Whatever the outcome of all of this–always be real. That is the testament that will change lives.

Ironically–and I say this not intending to put any additional pressure on you, but as words of encouragement–your statement that God has work to do here is true in so many facets. The world is watching for something to happen that isn’t “televised” and “fixed”, but is raw and real. You have an opportunity to bring that.

Good luck and God bless.

Comment by Frank Rue

I come by your story through Hemant Mehta’s website the Friendly Atheist.

I don’t expect to have my advice agreed with, but I’d just like to echo his thoughts on the issue.

You don’t need a church in your life.

I know how that must sound, as I was a Catholic for most of my life. But it’s true. You do not need a church in your life.

There’s nothing wrong with you.

You aren’t broken, or disturbed, or less than others, or thinking or doing bad things.

And you may find a lot more love and respect and support from nonbelievers.

Again, I doubt you’ll agree. But I felt it had to be said.

Comment by morsec0de

What strikes me most about your story is not the spiritual struggle, but the human struggle. The terrible dichotomy between what is and what you feel should be.
What is most important – being true to yourself or true to a singular interpretation of your diety’s will?
I hesitate to mention this because you might stop reading right here, but we’re pretty much opposites – I’m male, straight, and an atheist.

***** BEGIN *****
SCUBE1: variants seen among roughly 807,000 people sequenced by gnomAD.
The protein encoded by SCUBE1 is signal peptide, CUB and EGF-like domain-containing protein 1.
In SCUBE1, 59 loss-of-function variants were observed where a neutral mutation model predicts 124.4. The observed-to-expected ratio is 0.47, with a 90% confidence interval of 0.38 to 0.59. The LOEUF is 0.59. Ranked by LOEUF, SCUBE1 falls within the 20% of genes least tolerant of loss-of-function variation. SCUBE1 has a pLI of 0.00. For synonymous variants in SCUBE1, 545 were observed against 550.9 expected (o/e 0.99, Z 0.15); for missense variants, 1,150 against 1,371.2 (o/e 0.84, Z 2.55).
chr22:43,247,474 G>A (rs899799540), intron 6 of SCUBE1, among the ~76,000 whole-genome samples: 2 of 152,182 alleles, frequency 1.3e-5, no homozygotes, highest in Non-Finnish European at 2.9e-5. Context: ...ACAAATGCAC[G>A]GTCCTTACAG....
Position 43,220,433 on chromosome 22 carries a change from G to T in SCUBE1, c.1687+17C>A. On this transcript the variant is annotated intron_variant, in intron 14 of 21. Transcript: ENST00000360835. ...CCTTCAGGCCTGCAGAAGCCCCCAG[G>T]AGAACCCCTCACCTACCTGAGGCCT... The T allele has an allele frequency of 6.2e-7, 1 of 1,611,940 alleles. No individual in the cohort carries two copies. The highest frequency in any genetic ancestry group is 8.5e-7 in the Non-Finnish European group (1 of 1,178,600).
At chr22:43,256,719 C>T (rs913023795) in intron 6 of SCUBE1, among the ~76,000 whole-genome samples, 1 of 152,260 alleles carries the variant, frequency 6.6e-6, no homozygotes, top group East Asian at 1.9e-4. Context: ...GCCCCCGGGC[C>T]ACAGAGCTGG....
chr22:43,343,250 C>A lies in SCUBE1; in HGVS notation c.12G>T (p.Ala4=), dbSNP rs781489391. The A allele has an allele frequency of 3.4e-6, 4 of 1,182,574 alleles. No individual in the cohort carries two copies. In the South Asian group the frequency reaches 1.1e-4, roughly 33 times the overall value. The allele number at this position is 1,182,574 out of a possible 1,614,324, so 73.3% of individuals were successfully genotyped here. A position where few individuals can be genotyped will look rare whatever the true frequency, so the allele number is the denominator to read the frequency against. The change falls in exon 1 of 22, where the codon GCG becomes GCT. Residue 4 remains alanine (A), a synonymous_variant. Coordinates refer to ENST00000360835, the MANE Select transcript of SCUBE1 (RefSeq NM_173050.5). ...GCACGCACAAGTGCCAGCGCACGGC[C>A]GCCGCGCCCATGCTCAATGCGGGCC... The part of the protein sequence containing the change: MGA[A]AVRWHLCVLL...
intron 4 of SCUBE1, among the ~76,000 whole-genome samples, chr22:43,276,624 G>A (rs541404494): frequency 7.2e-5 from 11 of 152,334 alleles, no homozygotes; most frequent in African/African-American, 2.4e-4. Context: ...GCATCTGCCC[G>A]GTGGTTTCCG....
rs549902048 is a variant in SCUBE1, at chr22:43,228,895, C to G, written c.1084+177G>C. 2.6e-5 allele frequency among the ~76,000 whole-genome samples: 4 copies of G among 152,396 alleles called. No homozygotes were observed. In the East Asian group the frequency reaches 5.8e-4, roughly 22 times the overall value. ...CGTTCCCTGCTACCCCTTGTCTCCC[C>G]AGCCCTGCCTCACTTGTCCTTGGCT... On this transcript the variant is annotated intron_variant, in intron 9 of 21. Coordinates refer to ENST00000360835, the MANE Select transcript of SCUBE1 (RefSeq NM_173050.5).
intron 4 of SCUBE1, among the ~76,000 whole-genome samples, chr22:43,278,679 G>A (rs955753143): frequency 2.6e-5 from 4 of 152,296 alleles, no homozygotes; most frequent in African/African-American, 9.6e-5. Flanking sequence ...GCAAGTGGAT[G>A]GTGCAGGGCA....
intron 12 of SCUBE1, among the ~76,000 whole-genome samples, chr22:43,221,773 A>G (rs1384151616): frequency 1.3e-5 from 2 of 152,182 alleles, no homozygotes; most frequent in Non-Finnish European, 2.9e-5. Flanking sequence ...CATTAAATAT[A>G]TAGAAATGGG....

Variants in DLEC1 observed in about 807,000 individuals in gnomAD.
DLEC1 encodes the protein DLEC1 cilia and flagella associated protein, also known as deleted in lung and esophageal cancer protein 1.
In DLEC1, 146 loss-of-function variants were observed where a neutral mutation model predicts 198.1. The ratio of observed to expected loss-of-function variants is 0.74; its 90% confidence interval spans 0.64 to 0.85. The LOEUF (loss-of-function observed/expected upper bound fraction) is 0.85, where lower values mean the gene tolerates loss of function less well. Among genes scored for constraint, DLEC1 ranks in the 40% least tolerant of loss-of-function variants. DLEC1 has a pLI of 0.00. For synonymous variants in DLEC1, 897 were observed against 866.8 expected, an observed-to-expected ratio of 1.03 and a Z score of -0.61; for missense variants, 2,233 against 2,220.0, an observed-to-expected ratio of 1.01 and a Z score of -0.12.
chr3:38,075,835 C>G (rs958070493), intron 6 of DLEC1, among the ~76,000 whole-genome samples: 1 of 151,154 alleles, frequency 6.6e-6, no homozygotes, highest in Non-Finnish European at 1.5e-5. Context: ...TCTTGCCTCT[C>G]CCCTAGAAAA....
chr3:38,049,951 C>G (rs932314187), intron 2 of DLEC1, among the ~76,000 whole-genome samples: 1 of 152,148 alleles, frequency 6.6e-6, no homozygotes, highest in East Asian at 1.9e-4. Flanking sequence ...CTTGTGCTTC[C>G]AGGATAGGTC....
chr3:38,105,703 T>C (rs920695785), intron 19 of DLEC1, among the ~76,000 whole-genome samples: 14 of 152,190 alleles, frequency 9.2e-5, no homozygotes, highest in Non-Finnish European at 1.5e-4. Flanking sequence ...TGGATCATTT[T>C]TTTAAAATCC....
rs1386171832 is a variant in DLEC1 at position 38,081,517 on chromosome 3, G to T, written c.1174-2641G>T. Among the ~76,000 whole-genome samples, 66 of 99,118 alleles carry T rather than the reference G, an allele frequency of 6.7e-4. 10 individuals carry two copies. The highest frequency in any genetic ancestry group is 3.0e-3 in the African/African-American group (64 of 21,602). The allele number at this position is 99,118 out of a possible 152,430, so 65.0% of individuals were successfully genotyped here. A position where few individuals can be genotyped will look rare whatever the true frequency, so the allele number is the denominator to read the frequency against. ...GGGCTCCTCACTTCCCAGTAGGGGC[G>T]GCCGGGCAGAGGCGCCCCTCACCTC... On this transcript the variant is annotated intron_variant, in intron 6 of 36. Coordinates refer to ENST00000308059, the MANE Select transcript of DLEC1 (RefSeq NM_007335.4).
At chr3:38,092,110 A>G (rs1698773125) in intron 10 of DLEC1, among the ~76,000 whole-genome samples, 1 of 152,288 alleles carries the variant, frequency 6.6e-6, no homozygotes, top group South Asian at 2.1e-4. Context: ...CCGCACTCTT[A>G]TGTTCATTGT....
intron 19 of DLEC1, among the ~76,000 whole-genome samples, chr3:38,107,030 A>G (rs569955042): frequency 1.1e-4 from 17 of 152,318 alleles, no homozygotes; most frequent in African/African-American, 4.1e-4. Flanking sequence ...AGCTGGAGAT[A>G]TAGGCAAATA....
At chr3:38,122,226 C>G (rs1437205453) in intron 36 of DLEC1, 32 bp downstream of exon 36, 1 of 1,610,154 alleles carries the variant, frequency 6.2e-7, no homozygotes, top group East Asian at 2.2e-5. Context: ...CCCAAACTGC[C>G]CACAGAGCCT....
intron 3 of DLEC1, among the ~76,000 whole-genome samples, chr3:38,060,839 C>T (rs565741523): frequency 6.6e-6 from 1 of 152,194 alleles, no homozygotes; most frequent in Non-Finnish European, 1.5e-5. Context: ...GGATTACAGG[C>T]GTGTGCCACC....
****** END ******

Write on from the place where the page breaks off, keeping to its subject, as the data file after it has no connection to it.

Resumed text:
I feel tremendous compassion for you and anyone else struggling with feelings that they consider sinful and I invite you to consider this:
If God made you as you are, isn’t denying that also defying God? Would a just God punish you for doing what comes naturally if it harms no one?
No one should have to choose between their beliefs and their true nature.

Comment by Steven

While I certainly admire your courage to follow what you believe is right, I have feeling you’re setting yourself up to fail in the long run.

You’re obviously a good person, but if God was so concerned about your sexuality, he would have done something about it a long time ago.

Comment by josh.f13

I just thought I’d leave a comment to applaud you for your honesty, and also for the wonderful echoes of the Biblical story of Jacob-Israel as you aim for honesty and yet rightly continue wrestling.

I’m a New Testament scholar, and I’ve discussed the subject of the Bible and homosexuality both on my blog and elsewhere. There are a lot of other blogs, web sites and books that discuss the subject, from a range of different perspectives. I hope that you’ll continue to wrestle with the subject, and will ultimately act in accordance with your own conscience and convictions (which may change as you investigate the topic further – it has been known to happen). And if you ever want to discuss the issues of Biblical interpretation related to this subject, feel free to send me an e-mail or leave a comment on my blog.

Comment by James McGrath

Homosexuals who enter religious programs aimed at changing their homosexual behavior are more likely to commit suicide (up four times more likely), and more likely to suffer severe depression. It is likely that other religiously motivated suppression of homosexual feelings also leads to suicide and depression. For a homosexual, being part of religion that believes homosexuality to be a sin is severe risk to their life and health. In short: the belief that gay is sin kills.
People who are gay need to find a religion that does not equate gay with sin (there are many), or leave religion entirely.

Comment by llewelly

I read your story and there is a movie that you must see.
Its called But I’m a Cheerleader.
It will have all the answers you need in it.
Do what you think is right

Comment by Nick